When is it Time to Say Goodbye to our Beloved Pet…
3 October, 2011

My sister had to say goodbye to her beloved Cat, Cosmo, yesterday. It was a very sad, emotional day for all of us. I write this article with a heavy heart, but know that Cosmo is in a better place.

Cosmo was seventeen years old so he lived a very long life. The last few months had been trying. Cosmo developed kidney failure and started to lose weight. However, he still had a spark to him and was playful. He was eating and seemingly happy. But, over time, his condition dissipated and he started to lose a lot of weight. He was very bony. We had to be so careful when we pet him.

My sister was hoping that Cosmo wasn’t in pain and wondering if she was keeping him alive for her sake or for his. And, then one day, he stopped eating. And he wasn’t himself. When my sister went to pet him, he didn’t purr and barely responded. She knew it was time to say goodbye.

Ironically, the next morning he died in his sleep. She was so upset, but knew he was finally at peace.

Bye, bye our beloved, Cosmo.

I know other pet owners have had to deal with this issue and thought I would do some research and give advice on how you know when it is time to say goodbye.

Your pet stops eating

If your pet stops eating and/or can’t digest his food, this is a sign that he is not doing well.

Pain and suffering


You can tell when your pet is suffering. Usually, the light goes out of his or her eyes, he doesn’t run around, curls up in a ball and sleeps the day away. Favorite toys and treats are left untouched. Some pets even become irritable.

Sometimes, pain medicine will help and can often give your pet a new lease on life. And, of course, there are those animals that are happy to limp around the house for years on a bad leg – or having lost a leg or an eye – unaware that they have a problem.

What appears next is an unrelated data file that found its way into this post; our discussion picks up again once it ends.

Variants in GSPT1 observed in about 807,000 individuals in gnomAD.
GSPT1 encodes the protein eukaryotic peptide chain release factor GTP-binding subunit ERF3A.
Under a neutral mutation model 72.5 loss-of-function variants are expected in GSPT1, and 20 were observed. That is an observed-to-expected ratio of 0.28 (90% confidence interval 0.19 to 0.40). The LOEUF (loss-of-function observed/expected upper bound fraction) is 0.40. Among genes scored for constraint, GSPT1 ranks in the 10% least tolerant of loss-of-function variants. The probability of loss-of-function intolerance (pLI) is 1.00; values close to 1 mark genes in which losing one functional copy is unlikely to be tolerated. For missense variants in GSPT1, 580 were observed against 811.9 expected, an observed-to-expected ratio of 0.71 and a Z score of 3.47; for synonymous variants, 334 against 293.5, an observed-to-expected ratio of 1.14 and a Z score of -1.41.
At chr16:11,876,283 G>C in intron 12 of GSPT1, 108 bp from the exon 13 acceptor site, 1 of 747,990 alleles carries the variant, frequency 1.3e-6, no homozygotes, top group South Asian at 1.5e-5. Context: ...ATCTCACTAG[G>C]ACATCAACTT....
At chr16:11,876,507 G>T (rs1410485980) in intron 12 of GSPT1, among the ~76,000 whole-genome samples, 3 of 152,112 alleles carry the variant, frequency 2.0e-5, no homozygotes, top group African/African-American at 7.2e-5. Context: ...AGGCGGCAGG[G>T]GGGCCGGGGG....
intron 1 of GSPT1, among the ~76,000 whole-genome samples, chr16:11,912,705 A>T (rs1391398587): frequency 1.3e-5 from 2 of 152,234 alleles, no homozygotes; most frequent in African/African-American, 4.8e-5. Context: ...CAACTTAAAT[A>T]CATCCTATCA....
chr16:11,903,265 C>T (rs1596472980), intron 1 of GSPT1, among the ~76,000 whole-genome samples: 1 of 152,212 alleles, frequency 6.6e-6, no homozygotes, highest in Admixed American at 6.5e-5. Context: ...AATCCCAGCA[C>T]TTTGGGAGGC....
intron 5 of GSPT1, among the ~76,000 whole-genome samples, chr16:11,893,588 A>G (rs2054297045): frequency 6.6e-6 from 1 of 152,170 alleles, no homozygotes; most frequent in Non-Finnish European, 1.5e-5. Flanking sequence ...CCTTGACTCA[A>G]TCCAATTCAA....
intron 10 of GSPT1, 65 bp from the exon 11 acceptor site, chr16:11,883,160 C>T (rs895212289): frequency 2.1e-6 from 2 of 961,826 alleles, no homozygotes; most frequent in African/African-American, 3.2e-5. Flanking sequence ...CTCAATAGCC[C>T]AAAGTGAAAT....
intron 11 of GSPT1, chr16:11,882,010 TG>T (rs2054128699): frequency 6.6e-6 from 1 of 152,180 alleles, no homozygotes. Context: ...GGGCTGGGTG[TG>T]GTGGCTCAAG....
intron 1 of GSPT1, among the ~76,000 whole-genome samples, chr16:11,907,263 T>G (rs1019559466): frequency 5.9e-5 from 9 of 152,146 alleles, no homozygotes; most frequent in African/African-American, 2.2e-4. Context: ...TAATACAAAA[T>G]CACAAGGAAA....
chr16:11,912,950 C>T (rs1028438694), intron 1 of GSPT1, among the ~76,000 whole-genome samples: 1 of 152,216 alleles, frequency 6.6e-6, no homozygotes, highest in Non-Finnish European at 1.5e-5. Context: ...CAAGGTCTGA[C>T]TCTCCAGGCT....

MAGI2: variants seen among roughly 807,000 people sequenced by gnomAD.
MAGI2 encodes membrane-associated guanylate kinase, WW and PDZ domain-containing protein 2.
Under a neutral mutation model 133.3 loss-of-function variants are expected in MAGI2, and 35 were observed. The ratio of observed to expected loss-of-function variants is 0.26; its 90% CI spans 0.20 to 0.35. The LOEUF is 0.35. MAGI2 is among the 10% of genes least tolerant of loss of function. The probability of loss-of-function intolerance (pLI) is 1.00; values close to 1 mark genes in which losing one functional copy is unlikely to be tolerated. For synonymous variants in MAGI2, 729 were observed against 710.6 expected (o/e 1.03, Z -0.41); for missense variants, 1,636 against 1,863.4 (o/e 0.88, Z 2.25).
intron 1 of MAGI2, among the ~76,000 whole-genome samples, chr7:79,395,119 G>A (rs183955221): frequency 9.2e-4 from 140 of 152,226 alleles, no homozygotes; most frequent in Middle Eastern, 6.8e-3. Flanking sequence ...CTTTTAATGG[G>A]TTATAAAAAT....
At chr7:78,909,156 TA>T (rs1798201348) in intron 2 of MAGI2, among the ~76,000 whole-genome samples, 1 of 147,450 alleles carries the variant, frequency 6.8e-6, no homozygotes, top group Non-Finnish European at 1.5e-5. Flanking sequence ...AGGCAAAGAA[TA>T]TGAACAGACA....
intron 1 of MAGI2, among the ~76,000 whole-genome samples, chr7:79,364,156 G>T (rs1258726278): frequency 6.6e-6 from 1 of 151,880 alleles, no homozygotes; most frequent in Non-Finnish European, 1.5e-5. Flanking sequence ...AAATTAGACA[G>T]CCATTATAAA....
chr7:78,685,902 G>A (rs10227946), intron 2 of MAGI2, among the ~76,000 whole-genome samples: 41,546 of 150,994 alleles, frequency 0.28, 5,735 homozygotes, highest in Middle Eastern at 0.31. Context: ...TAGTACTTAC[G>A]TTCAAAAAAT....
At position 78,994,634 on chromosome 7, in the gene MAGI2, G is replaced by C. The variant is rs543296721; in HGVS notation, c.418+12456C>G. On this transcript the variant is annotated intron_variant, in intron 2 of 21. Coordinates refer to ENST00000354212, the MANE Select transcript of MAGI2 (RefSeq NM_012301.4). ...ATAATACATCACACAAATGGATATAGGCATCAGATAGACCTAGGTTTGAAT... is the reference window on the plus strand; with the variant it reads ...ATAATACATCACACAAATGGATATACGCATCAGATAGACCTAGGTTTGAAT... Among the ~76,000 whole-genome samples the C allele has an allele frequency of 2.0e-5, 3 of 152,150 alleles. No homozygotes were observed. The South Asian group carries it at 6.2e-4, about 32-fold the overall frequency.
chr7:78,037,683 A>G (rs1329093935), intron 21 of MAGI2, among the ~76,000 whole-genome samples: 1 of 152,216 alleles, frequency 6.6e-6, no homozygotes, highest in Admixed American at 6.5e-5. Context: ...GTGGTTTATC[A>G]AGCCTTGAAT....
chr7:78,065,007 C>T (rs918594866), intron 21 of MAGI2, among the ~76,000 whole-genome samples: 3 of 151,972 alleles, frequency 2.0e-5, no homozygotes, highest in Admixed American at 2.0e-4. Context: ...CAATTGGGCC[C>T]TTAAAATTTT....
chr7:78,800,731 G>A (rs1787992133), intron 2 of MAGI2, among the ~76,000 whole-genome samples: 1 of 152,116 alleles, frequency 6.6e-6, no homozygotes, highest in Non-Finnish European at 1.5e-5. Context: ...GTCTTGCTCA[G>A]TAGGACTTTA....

But when your animal can no longer enjoy life because of pain, it’s probably time to let them go.

Exhausting the options

You owe it to yourself and your pet to exhaust all the options (if your pet isn’t suffering terribly). However, don’t be lured in by claims of miracle cures. If surgery or medication isn’t the answer, try acupuncture or massage. There are many holistic practitioners out there who tend to be more interested in helping your pet than making money. At least, this has been my experience.

There are also some charities that may be able to help with the finances. Your vet may be able to recommend someone to give you a bit of assistance.

Ability to cope

Physically, emotionally and financially, having to deal with a very ill or elderly pet is draining. It may get to the point where you really can’t take it anymore and have no one to help you. If you know there is nothing further you can do to help your pet, it may be time to make the decision. If you try to soldier on, your pet will pick up on your negative energy, which will only make his or her last days unhappy.

Even with all of our knowledge, putting your pet down is an extremely difficult decision. However, only you know when it is time. And, remember, cats and dogs don’t fear death like we do. All they want is to be happy and pain free. Therefore, it is up to us to have the courage to help them die in peace.

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